2.3.1 Provide the model number, manufacturer’s name, description, quantity, and symbols to be used (legend) for each device, equipment, and conductors proposed to be installed (Note: The Fire Department reserves the right to disallow any listed product due to past performance).
2.3.2 The symbols used on the plans shall match the legend. Strike out any “typical” symbols that do not pertain.
2.4 Floor Plan – the following shall be clearly indicated:
2.4.1 Scale used and a graphical representation of the scale. The minimum scale for ERRC plans is
1/8” = 1’-0”. Metric scale shall not be accepted.
2.4.2 Room and Room Names.
2.4.3 The locations of partitions, non-rated walls, and rated walls.
2.4.4 The location of all Emergency Responder equipment.
2.4.5 Power and Panel locations.
2.4.6 Raceway routing.
2.4.7 Conduit and conductor size.
2.4.8 Roof plan showing location(s) of antennae.
2.4.9 Location(s) of In Building Antennae.
2.4.10 Band width.
2.5 Riser Diagram – provide the following:
2.5.1 Single-line wiring diagram (riser diagram) that shows the interconnection of equipment of the whole system.
2.5.2 Type and size of wire or conductor to be used.
2.5.3 Schematic drawing of electrical system and backup power.
2.6 Detail Diagram – Show Supervisory points from repeater.
2.7.1 Secondary power calculation – See 3.20 herein.
2.8 Signal propagation Map – Provide a color map indicating the signal strengths as designed and then as installed by As-Built.
2.9.1 Manufacturer’s specification sheets for all devices, equipment, and materials to be used shall be submitted, including the cables, amplifiers, ups, batteries, antenna and transponder to the supervising station. Highlight on the cut sheet which device or equipment is being used, the listing information, and the application per listing.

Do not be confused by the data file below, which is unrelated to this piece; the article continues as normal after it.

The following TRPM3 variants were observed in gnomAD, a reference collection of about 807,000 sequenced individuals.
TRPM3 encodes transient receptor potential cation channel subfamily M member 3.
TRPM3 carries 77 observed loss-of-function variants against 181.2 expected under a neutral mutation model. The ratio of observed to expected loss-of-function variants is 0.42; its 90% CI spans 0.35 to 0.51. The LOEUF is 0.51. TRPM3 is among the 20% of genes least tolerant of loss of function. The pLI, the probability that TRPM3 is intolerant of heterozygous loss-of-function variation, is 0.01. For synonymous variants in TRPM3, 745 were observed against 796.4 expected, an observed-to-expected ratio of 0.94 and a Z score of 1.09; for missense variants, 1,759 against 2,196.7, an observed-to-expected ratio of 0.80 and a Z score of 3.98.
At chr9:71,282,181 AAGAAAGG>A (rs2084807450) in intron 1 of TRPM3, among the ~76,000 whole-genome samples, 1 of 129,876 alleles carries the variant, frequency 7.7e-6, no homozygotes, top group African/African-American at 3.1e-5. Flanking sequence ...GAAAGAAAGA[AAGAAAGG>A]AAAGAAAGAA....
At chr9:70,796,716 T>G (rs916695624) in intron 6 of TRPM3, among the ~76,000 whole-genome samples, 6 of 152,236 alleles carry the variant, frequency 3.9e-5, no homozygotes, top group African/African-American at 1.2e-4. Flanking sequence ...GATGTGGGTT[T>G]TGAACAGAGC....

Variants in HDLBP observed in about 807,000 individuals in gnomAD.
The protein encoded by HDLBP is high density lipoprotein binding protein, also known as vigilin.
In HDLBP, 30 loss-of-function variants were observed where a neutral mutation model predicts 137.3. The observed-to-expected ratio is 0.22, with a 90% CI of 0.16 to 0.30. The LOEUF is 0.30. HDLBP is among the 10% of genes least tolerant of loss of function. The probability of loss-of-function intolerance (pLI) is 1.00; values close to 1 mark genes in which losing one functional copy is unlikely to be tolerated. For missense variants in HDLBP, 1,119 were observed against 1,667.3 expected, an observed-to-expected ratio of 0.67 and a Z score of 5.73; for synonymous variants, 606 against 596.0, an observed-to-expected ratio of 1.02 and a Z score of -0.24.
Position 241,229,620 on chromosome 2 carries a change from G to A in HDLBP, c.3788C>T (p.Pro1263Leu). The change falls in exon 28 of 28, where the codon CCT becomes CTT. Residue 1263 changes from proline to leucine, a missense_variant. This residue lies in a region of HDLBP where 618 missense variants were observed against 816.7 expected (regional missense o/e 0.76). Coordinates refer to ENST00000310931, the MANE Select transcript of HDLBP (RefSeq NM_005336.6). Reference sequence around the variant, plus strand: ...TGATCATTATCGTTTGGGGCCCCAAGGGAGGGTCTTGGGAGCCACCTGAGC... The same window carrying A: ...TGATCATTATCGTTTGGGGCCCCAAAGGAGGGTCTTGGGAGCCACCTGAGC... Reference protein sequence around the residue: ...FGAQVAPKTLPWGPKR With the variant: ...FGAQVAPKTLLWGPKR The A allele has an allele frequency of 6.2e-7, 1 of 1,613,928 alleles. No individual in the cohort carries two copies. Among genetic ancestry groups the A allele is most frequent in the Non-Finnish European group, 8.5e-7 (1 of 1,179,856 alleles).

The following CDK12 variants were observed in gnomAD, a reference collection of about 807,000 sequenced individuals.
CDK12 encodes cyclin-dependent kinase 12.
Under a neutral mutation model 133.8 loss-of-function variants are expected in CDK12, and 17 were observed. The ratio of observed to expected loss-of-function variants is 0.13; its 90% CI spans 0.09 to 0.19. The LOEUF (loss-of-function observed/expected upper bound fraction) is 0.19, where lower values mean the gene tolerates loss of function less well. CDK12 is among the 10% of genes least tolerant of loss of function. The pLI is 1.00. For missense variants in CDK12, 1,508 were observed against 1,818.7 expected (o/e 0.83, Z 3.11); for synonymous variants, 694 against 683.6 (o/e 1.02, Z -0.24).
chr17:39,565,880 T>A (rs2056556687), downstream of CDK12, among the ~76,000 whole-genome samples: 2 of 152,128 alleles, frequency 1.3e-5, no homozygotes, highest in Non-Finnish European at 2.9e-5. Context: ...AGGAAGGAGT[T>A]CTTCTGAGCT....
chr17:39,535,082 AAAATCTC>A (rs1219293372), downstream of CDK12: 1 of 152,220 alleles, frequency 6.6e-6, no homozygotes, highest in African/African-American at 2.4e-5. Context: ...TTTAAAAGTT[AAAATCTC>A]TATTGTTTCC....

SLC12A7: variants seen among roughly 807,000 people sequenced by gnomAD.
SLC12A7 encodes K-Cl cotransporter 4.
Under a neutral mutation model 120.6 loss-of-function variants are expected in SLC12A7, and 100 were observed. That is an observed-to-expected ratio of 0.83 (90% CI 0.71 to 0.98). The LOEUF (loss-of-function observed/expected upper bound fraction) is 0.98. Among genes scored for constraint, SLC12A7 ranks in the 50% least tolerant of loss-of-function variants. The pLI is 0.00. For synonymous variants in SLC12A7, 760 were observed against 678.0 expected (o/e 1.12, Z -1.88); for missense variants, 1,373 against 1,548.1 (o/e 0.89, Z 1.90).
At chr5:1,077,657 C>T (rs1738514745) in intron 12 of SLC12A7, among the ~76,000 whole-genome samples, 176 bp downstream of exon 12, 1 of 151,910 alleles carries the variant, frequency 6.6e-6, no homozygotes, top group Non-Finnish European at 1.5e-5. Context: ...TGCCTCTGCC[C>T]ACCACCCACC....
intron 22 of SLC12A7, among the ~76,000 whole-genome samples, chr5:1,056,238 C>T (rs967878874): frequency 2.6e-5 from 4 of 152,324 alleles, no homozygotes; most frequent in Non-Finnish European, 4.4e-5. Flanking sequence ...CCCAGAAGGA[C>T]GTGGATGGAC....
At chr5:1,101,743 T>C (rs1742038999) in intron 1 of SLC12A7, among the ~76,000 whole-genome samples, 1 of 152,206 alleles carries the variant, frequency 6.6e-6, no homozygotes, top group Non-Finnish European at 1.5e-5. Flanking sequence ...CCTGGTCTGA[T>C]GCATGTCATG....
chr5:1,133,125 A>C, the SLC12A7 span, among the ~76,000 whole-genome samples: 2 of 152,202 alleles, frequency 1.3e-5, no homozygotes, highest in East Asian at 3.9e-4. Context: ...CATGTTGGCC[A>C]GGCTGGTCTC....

3.0 DESIGN AND INSTALLATION
3.1 ERRC systems shall be designed and installed in accordance with NFPA 72 (2013 edition), the Ohio Electrical Code (2017 edition), the Ohio Fire Code (2017 edition), the Ohio Building Code (2017 edition), and the Cincinnati Fire Department ordinances, policies, and standards.
3.2 Design the ERRC to provide signal amplification on every floor of the building. During installation, install infrastructure (equipment space, electrical power and cable pathways) throughout the building. However, install amplification only on floors that fail to pass the Contractor’s pre-installation and acceptance tests.
3.3 Components used in the installation of the ERRC system, such as repeaters, transmitters, receivers, signal boosters, cabling, and fiber-distributed antenna systems, shall be tested for compatibility with the public safety radio system.
3.4 ERRC shall permit the simultaneous use and interoperability of analog and digital modulation radios.
3.5 ERRC shall be neutral host and nonproprietary.
3.6. ERRC shall not infringe on or be overrun by adjacent building communication systems or cellular telephone service provider systems.